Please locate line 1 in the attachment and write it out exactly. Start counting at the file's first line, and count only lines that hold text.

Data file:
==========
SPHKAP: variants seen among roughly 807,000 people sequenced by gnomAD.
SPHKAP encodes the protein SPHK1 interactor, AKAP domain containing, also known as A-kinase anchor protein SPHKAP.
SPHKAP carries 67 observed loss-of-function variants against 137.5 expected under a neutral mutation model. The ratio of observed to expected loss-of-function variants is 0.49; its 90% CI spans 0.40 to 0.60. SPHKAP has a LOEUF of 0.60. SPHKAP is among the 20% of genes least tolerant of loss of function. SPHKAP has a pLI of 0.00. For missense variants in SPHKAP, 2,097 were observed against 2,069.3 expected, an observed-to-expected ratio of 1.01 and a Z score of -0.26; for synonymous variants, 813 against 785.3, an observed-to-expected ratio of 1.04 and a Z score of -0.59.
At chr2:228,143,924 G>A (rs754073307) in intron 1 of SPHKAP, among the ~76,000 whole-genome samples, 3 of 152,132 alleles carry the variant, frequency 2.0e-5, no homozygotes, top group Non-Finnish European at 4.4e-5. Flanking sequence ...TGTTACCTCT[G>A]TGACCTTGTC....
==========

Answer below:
SPHKAP: variants seen among roughly 807,000 people sequenced by gnomAD.